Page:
The County Road Association (CRA) of Michigan claims another $1.84 billion in annual investment is needed for the state’s county-run road and bridge network.
The CRA recently released its 2021 Michigan County Road Investment Plan, developed to give a comprehensive overview of the financial needs and investment necessary to maintain and restore Michigan’s county road and bridge network.
Michigan has the nation’s fourth-largest local road system, and county road agencies are responsible for 75% of road miles and 52% of the bridges. The Michigan Department of Transportation has 8% of the road miles and 42% of the bridges, and cities and villages have 17% of the roads and 6% of the bridges.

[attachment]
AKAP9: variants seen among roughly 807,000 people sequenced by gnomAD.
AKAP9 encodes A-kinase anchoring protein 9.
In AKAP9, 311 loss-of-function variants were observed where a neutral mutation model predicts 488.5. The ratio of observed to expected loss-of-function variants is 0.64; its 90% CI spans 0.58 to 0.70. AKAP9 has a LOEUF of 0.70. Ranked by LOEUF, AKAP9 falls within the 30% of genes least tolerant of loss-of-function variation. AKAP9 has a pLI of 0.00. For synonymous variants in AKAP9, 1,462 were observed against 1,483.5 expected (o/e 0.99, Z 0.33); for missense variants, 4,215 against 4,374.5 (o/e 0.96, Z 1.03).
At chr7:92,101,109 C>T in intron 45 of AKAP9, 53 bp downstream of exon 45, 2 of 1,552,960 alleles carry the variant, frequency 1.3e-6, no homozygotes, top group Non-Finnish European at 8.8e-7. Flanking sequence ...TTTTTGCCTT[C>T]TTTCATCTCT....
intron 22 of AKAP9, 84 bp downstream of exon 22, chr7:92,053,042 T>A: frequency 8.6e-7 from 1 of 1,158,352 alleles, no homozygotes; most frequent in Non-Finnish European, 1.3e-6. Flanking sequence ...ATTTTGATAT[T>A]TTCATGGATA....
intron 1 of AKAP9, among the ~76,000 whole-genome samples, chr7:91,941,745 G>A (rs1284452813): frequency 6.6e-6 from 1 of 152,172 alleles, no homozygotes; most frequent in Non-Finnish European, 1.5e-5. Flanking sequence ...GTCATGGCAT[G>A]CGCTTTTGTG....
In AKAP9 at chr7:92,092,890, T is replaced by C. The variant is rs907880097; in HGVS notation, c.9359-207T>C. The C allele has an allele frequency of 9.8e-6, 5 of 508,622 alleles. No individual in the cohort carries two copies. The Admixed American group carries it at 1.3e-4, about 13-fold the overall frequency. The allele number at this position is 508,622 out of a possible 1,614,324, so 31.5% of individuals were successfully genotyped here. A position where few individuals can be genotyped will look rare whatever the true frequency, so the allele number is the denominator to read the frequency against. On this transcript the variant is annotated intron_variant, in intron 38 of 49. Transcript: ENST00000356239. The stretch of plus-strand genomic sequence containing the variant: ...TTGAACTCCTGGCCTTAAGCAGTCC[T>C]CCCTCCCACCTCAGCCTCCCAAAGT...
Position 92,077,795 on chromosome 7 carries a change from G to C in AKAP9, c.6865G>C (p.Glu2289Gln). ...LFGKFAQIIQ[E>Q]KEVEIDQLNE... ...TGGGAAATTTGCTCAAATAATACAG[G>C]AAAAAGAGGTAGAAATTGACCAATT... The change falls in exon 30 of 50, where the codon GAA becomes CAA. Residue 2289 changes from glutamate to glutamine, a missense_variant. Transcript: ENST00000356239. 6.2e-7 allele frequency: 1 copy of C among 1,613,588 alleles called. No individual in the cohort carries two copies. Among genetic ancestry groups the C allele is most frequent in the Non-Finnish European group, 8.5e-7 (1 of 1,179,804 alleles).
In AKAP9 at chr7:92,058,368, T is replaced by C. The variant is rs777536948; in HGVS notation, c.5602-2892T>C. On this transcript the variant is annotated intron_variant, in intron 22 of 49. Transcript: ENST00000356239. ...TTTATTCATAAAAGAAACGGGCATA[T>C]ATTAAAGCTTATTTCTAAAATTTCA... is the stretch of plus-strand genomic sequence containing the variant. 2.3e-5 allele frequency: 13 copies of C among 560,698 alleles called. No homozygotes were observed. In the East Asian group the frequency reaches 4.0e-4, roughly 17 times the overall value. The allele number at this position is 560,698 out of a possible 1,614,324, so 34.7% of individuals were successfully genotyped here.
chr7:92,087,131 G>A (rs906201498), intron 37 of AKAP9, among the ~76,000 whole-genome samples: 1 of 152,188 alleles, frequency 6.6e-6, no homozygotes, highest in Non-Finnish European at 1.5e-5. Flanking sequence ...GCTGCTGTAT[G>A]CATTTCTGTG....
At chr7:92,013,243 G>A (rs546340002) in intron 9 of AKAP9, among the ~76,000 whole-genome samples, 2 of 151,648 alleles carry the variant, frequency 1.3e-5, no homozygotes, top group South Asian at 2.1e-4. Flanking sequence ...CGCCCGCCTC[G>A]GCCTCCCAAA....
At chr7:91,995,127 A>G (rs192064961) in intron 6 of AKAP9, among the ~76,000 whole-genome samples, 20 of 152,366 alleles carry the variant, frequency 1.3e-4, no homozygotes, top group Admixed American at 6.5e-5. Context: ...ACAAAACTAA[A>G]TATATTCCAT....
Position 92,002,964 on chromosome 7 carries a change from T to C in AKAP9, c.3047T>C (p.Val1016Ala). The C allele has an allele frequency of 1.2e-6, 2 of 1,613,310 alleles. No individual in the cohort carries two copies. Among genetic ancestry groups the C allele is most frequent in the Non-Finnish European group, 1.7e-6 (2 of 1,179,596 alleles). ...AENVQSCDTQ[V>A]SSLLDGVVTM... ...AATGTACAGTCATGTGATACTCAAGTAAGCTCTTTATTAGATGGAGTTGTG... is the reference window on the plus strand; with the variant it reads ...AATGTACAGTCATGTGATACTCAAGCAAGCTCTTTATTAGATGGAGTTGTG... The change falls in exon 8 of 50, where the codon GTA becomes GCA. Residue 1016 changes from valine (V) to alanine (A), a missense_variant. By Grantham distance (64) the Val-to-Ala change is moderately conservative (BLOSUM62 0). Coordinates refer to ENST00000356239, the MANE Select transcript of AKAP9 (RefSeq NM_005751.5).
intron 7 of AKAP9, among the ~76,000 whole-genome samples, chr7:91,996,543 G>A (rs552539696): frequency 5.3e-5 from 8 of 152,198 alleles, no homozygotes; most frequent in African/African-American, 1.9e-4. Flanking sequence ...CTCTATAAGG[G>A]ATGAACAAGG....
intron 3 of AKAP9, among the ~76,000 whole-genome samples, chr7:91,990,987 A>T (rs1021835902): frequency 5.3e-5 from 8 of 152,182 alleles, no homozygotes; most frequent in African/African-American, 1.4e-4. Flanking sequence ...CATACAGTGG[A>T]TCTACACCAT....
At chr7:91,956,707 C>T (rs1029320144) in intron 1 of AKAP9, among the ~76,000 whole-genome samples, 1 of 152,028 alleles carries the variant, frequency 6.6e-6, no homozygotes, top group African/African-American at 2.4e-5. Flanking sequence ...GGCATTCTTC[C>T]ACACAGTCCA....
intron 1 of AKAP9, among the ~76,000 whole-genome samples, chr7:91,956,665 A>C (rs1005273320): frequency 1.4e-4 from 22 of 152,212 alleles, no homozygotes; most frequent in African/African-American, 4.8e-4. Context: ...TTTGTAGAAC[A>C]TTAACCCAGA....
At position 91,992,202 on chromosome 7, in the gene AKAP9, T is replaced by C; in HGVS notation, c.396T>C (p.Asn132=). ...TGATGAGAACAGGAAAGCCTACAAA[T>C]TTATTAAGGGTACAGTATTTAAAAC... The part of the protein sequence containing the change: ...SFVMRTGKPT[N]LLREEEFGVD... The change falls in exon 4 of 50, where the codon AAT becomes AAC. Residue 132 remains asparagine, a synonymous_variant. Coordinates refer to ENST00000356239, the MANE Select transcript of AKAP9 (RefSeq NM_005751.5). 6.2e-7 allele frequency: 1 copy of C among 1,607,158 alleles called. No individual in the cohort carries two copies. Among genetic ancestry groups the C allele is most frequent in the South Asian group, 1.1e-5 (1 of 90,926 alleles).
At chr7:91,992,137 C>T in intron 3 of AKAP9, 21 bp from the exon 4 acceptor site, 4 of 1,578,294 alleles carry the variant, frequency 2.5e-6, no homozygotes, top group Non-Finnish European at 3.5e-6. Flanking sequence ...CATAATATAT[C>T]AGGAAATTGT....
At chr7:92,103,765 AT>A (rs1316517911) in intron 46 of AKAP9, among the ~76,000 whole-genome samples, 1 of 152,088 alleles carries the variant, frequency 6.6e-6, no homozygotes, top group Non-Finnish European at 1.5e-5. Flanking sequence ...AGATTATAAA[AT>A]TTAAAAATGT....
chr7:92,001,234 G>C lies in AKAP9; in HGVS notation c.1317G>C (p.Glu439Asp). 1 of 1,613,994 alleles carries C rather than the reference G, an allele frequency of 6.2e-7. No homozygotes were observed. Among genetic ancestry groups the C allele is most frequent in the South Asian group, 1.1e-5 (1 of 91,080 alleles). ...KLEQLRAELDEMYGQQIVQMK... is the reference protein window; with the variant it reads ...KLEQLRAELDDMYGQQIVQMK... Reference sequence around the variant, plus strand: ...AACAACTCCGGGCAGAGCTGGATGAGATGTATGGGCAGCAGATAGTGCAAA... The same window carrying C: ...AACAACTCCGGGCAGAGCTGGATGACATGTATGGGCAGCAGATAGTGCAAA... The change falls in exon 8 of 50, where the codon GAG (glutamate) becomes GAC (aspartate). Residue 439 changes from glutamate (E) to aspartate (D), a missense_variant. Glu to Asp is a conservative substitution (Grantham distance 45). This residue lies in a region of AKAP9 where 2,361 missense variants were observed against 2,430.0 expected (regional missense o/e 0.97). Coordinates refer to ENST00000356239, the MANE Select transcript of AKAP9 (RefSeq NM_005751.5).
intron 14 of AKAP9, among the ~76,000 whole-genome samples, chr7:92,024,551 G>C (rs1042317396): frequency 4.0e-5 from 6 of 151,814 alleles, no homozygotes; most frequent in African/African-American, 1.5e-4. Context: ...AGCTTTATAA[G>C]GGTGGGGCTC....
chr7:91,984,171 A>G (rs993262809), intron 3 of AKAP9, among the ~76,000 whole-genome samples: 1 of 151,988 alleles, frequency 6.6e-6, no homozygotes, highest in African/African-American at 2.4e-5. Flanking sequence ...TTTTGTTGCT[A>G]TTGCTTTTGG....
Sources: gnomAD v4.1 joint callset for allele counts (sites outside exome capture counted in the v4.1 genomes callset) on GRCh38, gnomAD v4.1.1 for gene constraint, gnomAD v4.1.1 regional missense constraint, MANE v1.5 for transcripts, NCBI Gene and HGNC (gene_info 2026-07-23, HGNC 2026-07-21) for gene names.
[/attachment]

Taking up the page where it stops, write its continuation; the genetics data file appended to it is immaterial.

The investment plan examined the financial needs of maintenance and capital investment on 90,000 miles of federal aid-eligible and nonfederal aid-eligible roads; more than 5,700 bridges; as well as the buildings, facilities and equipment that are critical components to running an efficient county road agency. It is CRA’s second investment study conducted since 1985, when the state discontinued its Michigan Highway Needs Study. CRA’s first report was in 2019, and the association expects to update the report regularly in the future.
A licensed professional engineering consultant was engaged to perform the study for CRA during the first quarter of 2021, with assistance from a team of CRA member counties representing the Baraga, Barry, Kent and Oakland road commissions.